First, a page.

Sheriff’s Office arrests suspect in Roatcap Fire

State funds OK’d for Roatcap Fire

SMOKE rises over McPhee from the Roatcap Fire last week south of Dolores.


The Montezuma County Sheriff’s Office Thursday afternoon arrested a 53-year-old Dolores man in connection with starting the Roatcap Fire.

The suspect, who the Montezuma County Court identified as Roger Stratton, was previously named as a “person of interest” in the blaze that started Wednesday morning. The arrest warrant was issued for fourth-degree arson, a felony.

The fire, which started around 10:30 a.m. Wednesday near County Roads 29 and P, burned more than 400 acres and forced the evacuation of around 30 homes.

Stratton was held on a $3,000 bond but has bonded out of the Montezuma County Jail. His initial appearance was scheduled for 2:30 p.m. on Friday, the county court reported.

Montezuma County Sheriff Dennis Spruell said the fire was not set intentionally, but said that Stratton needed to be held accountable for his careless actions.

Spruell, who did not disclose the name of the man at Thursday evening’s community meeting, said Stratton had received several threats from members of the community.

Gov. John Hickenlooper, on Friday, Oct. 26, signed a disaster declaration for the Roatcap Fire. The executive order makes resources available to pay for fire suppression, response and recovery related to the fire that started the morning of Oct. 24.

On Monday, Montezuma County Deputy Emergency Manager Paul Hollar told county commissioners that the Roatcap Fire will end up costing between $200,000 and $250,000.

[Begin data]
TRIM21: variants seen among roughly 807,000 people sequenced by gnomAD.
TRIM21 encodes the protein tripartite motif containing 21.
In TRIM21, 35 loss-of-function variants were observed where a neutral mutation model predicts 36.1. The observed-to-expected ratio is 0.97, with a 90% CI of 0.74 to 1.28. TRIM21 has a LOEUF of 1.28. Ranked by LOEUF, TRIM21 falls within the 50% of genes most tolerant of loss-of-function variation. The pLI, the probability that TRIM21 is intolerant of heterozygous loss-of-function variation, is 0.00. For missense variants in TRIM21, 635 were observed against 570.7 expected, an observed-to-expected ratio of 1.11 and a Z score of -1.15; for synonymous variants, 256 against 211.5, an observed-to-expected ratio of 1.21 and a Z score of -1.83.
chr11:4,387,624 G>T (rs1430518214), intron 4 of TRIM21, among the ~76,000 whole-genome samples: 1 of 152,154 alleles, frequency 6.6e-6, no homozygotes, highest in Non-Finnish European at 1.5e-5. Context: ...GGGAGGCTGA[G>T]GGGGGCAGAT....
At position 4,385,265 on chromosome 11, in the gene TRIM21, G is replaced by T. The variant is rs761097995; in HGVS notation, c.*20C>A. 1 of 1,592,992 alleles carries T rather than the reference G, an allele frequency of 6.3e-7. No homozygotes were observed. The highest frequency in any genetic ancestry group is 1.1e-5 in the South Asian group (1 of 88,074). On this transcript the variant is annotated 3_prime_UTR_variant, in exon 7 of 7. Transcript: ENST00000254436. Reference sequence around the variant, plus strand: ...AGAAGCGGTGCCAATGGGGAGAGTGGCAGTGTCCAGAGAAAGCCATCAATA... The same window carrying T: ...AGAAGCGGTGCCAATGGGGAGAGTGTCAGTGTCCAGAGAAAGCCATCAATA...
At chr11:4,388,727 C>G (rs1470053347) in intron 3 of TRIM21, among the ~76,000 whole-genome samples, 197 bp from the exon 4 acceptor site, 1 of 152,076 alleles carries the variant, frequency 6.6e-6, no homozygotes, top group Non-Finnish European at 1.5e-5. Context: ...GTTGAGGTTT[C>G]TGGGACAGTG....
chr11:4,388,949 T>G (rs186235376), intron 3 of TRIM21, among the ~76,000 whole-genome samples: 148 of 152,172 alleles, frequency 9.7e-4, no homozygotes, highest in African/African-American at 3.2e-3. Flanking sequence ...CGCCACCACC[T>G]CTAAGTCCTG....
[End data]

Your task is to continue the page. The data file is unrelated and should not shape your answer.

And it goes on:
Disaster declarations authorize the transfer of any funds in the state budget from the General Fund to the Disaster Emergency Fund, which is not funded unless money is needed. Counties across the state, including Montezuma, can pay into the Emergency Firefighting Fund as a kind of fire insurance, Hollar said. State law does not allow people who have lost homes or property in the fire to seek reimbursement from these disaster funds, although Hollar said homeowners can call the sheriff’s office and have their names added as victims if their fence was burned, for example.

No structures or lives were lost in the fire. Hollar gave “kudos to all the people involved” in the firefighting effort. “A lot of things went really, really smooth.” He attributed this to the experience gained from fighting the Weber Fire earlier this year.

The fire burned more than 400 acres and forced the evacuation of about 30 homes and threatened about 30 others. Hollar verified that the cause of the fire was a controlled trash burn that was neglected. Roger Stratton, 53, of Dolores, was arrested Thursday and charged with fourth-degree arson, a felony.

Hollar advises county residents who plan a controlled burn to report it to the sheriff’s office at 565-8411.